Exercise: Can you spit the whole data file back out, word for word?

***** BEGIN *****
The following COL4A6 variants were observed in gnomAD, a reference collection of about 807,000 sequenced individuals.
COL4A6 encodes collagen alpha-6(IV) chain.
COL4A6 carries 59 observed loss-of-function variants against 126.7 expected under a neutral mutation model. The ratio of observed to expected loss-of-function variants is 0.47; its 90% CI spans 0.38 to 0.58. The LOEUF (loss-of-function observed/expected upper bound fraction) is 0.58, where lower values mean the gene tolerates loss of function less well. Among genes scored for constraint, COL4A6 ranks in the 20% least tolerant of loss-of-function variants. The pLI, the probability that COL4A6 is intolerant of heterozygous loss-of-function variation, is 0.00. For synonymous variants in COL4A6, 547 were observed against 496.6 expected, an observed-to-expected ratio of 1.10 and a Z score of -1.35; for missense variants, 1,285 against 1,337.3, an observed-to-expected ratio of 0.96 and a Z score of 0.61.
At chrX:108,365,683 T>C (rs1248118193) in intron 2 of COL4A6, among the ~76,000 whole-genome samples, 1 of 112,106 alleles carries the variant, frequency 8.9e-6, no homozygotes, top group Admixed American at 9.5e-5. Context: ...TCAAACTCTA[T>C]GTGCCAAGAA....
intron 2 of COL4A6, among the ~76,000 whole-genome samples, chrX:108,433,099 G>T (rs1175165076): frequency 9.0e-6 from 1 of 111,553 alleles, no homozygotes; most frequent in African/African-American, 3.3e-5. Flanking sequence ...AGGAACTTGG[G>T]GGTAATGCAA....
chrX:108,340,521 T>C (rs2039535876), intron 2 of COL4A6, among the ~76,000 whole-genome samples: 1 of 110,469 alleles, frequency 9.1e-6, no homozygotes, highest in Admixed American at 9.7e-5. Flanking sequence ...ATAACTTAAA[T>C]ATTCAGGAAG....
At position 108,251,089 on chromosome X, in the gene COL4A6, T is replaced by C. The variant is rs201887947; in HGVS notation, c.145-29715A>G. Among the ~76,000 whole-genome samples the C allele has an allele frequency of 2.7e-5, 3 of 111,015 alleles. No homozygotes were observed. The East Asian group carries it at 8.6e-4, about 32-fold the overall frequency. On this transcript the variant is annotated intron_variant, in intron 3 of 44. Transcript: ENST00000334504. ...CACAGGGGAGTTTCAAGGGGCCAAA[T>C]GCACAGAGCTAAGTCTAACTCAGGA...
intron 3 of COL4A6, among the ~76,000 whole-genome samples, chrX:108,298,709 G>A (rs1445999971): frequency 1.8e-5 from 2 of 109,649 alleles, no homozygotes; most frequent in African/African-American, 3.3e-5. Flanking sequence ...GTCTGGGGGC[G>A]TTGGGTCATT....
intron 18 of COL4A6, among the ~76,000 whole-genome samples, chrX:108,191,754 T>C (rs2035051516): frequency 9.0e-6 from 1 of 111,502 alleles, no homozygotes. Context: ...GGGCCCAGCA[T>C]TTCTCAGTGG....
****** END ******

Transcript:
The following COL4A6 variants were observed in gnomAD, a reference collection of about 807,000 sequenced individuals.
COL4A6 encodes collagen alpha-6(IV) chain.
COL4A6 carries 59 observed loss-of-function variants against 126.7 expected under a neutral mutation model. The ratio of observed to expected loss-of-function variants is 0.47; its 90% CI spans 0.38 to 0.58. The LOEUF (loss-of-function observed/expected upper bound fraction) is 0.58, where lower values mean the gene tolerates loss of function less well. Among genes scored for constraint, COL4A6 ranks in the 20% least tolerant of loss-of-function variants. The pLI, the probability that COL4A6 is intolerant of heterozygous loss-of-function variation, is 0.00. For synonymous variants in COL4A6, 547 were observed against 496.6 expected, an observed-to-expected ratio of 1.10 and a Z score of -1.35; for missense variants, 1,285 against 1,337.3, an observed-to-expected ratio of 0.96 and a Z score of 0.61.
At chrX:108,365,683 T>C (rs1248118193) in intron 2 of COL4A6, among the ~76,000 whole-genome samples, 1 of 112,106 alleles carries the variant, frequency 8.9e-6, no homozygotes, top group Admixed American at 9.5e-5. Context: ...TCAAACTCTA[T>C]GTGCCAAGAA....
intron 2 of COL4A6, among the ~76,000 whole-genome samples, chrX:108,433,099 G>T (rs1175165076): frequency 9.0e-6 from 1 of 111,553 alleles, no homozygotes; most frequent in African/African-American, 3.3e-5. Flanking sequence ...AGGAACTTGG[G>T]GGTAATGCAA....
chrX:108,340,521 T>C (rs2039535876), intron 2 of COL4A6, among the ~76,000 whole-genome samples: 1 of 110,469 alleles, frequency 9.1e-6, no homozygotes, highest in Admixed American at 9.7e-5. Flanking sequence ...ATAACTTAAA[T>C]ATTCAGGAAG....
At position 108,251,089 on chromosome X, in the gene COL4A6, T is replaced by C. The variant is rs201887947; in HGVS notation, c.145-29715A>G. Among the ~76,000 whole-genome samples the C allele has an allele frequency of 2.7e-5, 3 of 111,015 alleles. No homozygotes were observed. The East Asian group carries it at 8.6e-4, about 32-fold the overall frequency. On this transcript the variant is annotated intron_variant, in intron 3 of 44. Transcript: ENST00000334504. ...CACAGGGGAGTTTCAAGGGGCCAAA[T>C]GCACAGAGCTAAGTCTAACTCAGGA...
intron 3 of COL4A6, among the ~76,000 whole-genome samples, chrX:108,298,709 G>A (rs1445999971): frequency 1.8e-5 from 2 of 109,649 alleles, no homozygotes; most frequent in African/African-American, 3.3e-5. Flanking sequence ...GTCTGGGGGC[G>A]TTGGGTCATT....
intron 18 of COL4A6, among the ~76,000 whole-genome samples, chrX:108,191,754 T>C (rs2035051516): frequency 9.0e-6 from 1 of 111,502 alleles, no homozygotes. Context: ...GGGCCCAGCA[T>C]TTCTCAGTGG....